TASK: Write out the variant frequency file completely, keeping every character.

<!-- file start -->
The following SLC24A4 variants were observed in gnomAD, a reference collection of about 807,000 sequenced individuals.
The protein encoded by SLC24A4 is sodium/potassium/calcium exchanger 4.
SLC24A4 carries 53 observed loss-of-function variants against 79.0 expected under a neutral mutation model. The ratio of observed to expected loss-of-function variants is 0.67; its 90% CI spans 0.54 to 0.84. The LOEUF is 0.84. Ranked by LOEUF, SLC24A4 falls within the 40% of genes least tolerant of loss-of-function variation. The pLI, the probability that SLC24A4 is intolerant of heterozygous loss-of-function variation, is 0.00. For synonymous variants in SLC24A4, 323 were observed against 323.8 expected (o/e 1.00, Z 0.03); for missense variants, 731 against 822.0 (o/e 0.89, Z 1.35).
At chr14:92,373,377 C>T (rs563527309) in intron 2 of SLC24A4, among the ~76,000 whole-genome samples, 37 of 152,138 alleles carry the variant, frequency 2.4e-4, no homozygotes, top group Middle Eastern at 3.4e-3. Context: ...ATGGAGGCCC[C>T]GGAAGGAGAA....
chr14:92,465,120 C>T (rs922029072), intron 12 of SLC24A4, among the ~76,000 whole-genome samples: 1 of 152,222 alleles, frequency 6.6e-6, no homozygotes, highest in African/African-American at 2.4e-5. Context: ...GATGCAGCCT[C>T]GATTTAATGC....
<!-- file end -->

The following SLC24A4 variants were observed in gnomAD, a reference collection of about 807,000 sequenced individuals.
The protein encoded by SLC24A4 is sodium/potassium/calcium exchanger 4.
SLC24A4 carries 53 observed loss-of-function variants against 79.0 expected under a neutral mutation model. The ratio of observed to expected loss-of-function variants is 0.67; its 90% CI spans 0.54 to 0.84. The LOEUF is 0.84. Ranked by LOEUF, SLC24A4 falls within the 40% of genes least tolerant of loss-of-function variation. The pLI, the probability that SLC24A4 is intolerant of heterozygous loss-of-function variation, is 0.00. For synonymous variants in SLC24A4, 323 were observed against 323.8 expected (o/e 1.00, Z 0.03); for missense variants, 731 against 822.0 (o/e 0.89, Z 1.35).
At chr14:92,373,377 C>T (rs563527309) in intron 2 of SLC24A4, among the ~76,000 whole-genome samples, 37 of 152,138 alleles carry the variant, frequency 2.4e-4, no homozygotes, top group Middle Eastern at 3.4e-3. Context: ...ATGGAGGCCC[C>T]GGAAGGAGAA....
chr14:92,465,120 C>T (rs922029072), intron 12 of SLC24A4, among the ~76,000 whole-genome samples: 1 of 152,222 alleles, frequency 6.6e-6, no homozygotes, highest in African/African-American at 2.4e-5. Context: ...GATGCAGCCT[C>T]GATTTAATGC....